Pangaea Blog

Pangaea invests in early stage cleantech companies with world-class advanced materials innovation.

An article published recently on by Martin Zwilling highlights his recommendations for “10 calculated risks that lead to startup success”. This article, like so many others, provides some great insights for wannabe or existing founders and entrepreneurs. However, what if you’re in a business that is more capital intensive, has longer iteration cycles or addresses more complicated problems. Say, involving materials or chemistry development?

What's in a Name?

Posted by on in Venture Capital

A while back, Pangaea General Partner Keith Gillard wrote a blog about our proactive approach to generating dealflow and evaluating potential solutions to identified market needs (found here). A consequence of this proactive strategy is that we interact with a whole lot of startup companies from around the world. While the majority of these companies are attempting to commercialize exciting materials technologies to solve some of the world’s bigger problems, we tend to be quite selective in where we place our money. For a typical VC, the percentage of companies invested in compared to companies evaluated is 1% or less. There are many reasons for this, ranging from a lack of confidence in the management team’s ability to execute to technology differentiation to IP concerns to expected long time horizons to revenue generation and possible exit.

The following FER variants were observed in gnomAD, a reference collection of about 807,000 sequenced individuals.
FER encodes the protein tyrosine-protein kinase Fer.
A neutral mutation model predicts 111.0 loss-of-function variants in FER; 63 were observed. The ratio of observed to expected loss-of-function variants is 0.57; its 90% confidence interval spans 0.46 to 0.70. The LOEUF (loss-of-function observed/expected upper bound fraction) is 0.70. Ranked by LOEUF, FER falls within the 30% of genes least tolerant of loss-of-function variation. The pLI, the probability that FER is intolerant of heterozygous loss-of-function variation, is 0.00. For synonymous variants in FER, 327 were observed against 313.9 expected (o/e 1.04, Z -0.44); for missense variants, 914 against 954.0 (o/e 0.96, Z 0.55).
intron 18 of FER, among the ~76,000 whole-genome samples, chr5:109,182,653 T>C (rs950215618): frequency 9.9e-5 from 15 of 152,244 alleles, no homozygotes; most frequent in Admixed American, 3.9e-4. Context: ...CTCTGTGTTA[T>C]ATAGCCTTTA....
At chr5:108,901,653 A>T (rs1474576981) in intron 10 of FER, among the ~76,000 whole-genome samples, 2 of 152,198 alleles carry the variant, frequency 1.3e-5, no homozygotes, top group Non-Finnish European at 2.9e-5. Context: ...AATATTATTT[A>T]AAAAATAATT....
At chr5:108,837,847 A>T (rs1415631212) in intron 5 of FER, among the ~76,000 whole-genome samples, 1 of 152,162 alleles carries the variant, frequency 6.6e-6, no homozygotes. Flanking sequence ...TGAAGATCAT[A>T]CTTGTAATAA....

Prying Open the Licensing Toolkit

Posted by on in Venture Capital

As discussed last week in my blog entitled Add Licensing to your Business Model Toolkit, licensing is an important tool for the advanced materials start-up CEO. However as I pointed out last week, concerns about value capture and loss of market influence cannot be ignored if the goal is to build a valuable and important business capable of generating venture capital returns. Furthermore, when licensing technologies in energy or industrial markets that often place less value on IP compared to IP-centric businesses such as IT and biotech., deal creativity can be the order of the day. The four tactics described below should be considered in formulating a start-up company licensing strategy:

Venture capital investments in “hardware” companies such as advanced materials start-ups have typically focused on productization and scale-up as the key value creation activities. Partnering in the form of joint ventures, joint development or distribution agreements have traditionally been the business model of choice. Licensing models are often shunned with the argument being that you leave money on the table and your ability to influence is lost while fate is determined by corporate and market forces beyond your control. Valid points! But these issues can often be mitigated and should be weighed against the advantages of licensing, of course in the context of the market dynamics and industry structure that is faced.

A little over a year ago I wrote a blog post about the advantages of including women in your team. If you're interested in reading about how your team WILL BE smarter, I encourage you to check it out here: Women: A Start-up’s Secret Weapon.

An opinion piece I read in a national newspaper this morning has prompted me to pen a quick follow up. Not to discuss how we can make our teams smarter, but how we can encourage more women to engage with technology and take a real leadership role in engaging with 'change the world' opportunities. Tenaciousness, take-charge attitudes, and leadership skills (also sometimes known as bossiness) are all qualities men and women alike must develop if they desire to be successful entrepreneurs (I'll expand on this shortly).